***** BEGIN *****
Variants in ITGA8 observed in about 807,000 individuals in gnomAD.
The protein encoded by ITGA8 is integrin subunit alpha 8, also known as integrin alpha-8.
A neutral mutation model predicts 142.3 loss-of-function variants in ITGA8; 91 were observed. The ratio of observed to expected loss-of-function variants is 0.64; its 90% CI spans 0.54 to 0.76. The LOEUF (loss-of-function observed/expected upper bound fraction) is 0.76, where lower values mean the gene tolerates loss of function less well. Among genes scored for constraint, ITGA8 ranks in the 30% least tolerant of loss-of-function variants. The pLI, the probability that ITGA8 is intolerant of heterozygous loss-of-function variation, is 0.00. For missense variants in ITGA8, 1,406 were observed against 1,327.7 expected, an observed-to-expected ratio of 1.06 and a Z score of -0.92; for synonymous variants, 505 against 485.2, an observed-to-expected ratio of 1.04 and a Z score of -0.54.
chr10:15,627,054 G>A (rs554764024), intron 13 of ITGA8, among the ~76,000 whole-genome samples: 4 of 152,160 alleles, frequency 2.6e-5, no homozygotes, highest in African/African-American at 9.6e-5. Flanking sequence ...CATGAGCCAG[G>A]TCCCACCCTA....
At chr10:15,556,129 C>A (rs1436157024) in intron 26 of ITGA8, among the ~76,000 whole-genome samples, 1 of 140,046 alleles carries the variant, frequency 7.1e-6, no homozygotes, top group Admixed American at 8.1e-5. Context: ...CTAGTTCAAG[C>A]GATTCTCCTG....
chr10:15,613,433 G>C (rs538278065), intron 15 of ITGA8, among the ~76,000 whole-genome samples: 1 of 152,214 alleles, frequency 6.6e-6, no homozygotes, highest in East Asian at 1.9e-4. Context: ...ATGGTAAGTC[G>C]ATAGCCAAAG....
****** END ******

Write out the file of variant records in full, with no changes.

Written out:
Variants in ITGA8 observed in about 807,000 individuals in gnomAD.
The protein encoded by ITGA8 is integrin subunit alpha 8, also known as integrin alpha-8.
A neutral mutation model predicts 142.3 loss-of-function variants in ITGA8; 91 were observed. The ratio of observed to expected loss-of-function variants is 0.64; its 90% CI spans 0.54 to 0.76. The LOEUF (loss-of-function observed/expected upper bound fraction) is 0.76, where lower values mean the gene tolerates loss of function less well. Among genes scored for constraint, ITGA8 ranks in the 30% least tolerant of loss-of-function variants. The pLI, the probability that ITGA8 is intolerant of heterozygous loss-of-function variation, is 0.00. For missense variants in ITGA8, 1,406 were observed against 1,327.7 expected, an observed-to-expected ratio of 1.06 and a Z score of -0.92; for synonymous variants, 505 against 485.2, an observed-to-expected ratio of 1.04 and a Z score of -0.54.
chr10:15,627,054 G>A (rs554764024), intron 13 of ITGA8, among the ~76,000 whole-genome samples: 4 of 152,160 alleles, frequency 2.6e-5, no homozygotes, highest in African/African-American at 9.6e-5. Flanking sequence ...CATGAGCCAG[G>A]TCCCACCCTA....
At chr10:15,556,129 C>A (rs1436157024) in intron 26 of ITGA8, among the ~76,000 whole-genome samples, 1 of 140,046 alleles carries the variant, frequency 7.1e-6, no homozygotes, top group Admixed American at 8.1e-5. Context: ...CTAGTTCAAG[C>A]GATTCTCCTG....
chr10:15,613,433 G>C (rs538278065), intron 15 of ITGA8, among the ~76,000 whole-genome samples: 1 of 152,214 alleles, frequency 6.6e-6, no homozygotes, highest in East Asian at 1.9e-4. Context: ...ATGGTAAGTC[G>C]ATAGCCAAAG....